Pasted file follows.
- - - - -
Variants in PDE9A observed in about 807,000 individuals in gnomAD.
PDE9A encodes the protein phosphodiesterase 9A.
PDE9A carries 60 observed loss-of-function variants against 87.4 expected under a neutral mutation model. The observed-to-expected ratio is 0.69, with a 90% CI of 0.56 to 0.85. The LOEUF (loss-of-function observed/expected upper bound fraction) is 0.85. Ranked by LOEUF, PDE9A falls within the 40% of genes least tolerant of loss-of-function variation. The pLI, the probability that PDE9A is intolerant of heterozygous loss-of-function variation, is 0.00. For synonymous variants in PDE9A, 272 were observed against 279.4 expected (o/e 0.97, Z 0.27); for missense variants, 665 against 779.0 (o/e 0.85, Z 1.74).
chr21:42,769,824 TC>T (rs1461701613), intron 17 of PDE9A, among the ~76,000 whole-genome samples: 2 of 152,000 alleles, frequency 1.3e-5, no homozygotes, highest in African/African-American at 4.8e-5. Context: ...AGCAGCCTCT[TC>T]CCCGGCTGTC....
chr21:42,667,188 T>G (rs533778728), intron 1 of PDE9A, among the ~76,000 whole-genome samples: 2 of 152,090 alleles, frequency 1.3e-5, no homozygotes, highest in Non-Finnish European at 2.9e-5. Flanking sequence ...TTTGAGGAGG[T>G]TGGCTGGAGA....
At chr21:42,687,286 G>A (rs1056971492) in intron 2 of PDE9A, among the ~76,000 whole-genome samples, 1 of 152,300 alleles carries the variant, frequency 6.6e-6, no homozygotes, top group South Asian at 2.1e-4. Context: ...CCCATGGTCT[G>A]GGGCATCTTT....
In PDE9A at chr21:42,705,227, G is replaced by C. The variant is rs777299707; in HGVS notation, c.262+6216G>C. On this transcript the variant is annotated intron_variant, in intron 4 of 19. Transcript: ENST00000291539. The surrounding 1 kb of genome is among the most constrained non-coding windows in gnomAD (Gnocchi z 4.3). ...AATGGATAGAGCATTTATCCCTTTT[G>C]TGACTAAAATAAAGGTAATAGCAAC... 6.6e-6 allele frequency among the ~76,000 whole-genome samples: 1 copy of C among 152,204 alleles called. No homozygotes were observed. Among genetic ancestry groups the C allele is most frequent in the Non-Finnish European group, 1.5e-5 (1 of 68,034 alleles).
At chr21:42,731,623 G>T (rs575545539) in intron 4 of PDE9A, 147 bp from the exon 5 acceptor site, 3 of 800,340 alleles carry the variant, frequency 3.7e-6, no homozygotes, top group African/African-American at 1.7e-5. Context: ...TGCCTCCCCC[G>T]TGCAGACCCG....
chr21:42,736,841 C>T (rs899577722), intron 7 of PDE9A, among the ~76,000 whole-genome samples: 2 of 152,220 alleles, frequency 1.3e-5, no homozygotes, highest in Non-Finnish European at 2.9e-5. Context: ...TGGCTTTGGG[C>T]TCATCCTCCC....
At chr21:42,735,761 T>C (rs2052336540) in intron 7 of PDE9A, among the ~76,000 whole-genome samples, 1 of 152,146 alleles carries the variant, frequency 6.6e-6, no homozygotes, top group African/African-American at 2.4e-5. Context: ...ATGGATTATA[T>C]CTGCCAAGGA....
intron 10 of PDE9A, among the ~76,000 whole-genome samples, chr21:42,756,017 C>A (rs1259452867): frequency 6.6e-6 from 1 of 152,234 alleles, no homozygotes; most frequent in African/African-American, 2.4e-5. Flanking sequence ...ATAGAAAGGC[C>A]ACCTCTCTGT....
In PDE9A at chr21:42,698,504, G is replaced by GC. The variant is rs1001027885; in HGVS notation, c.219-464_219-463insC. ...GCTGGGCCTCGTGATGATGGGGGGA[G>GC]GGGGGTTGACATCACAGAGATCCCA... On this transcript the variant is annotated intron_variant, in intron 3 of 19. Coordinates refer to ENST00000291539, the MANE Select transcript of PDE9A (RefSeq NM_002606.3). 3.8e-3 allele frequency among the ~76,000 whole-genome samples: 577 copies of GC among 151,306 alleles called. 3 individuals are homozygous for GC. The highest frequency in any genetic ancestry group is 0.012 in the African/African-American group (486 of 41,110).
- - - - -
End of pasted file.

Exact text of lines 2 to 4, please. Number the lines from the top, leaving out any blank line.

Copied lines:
PDE9A encodes the protein phosphodiesterase 9A.
PDE9A carries 60 observed loss-of-function variants against 87.4 expected under a neutral mutation model. The observed-to-expected ratio is 0.69, with a 90% CI of 0.56 to 0.85. The LOEUF (loss-of-function observed/expected upper bound fraction) is 0.85. Ranked by LOEUF, PDE9A falls within the 40% of genes least tolerant of loss-of-function variation. The pLI, the probability that PDE9A is intolerant of heterozygous loss-of-function variation, is 0.00. For synonymous variants in PDE9A, 272 were observed against 279.4 expected (o/e 0.97, Z 0.27); for missense variants, 665 against 779.0 (o/e 0.85, Z 1.74).
chr21:42,769,824 TC>T (rs1461701613), intron 17 of PDE9A, among the ~76,000 whole-genome samples: 2 of 152,000 alleles, frequency 1.3e-5, no homozygotes, highest in African/African-American at 4.8e-5. Context: ...AGCAGCCTCT[TC>T]CCCGGCTGTC....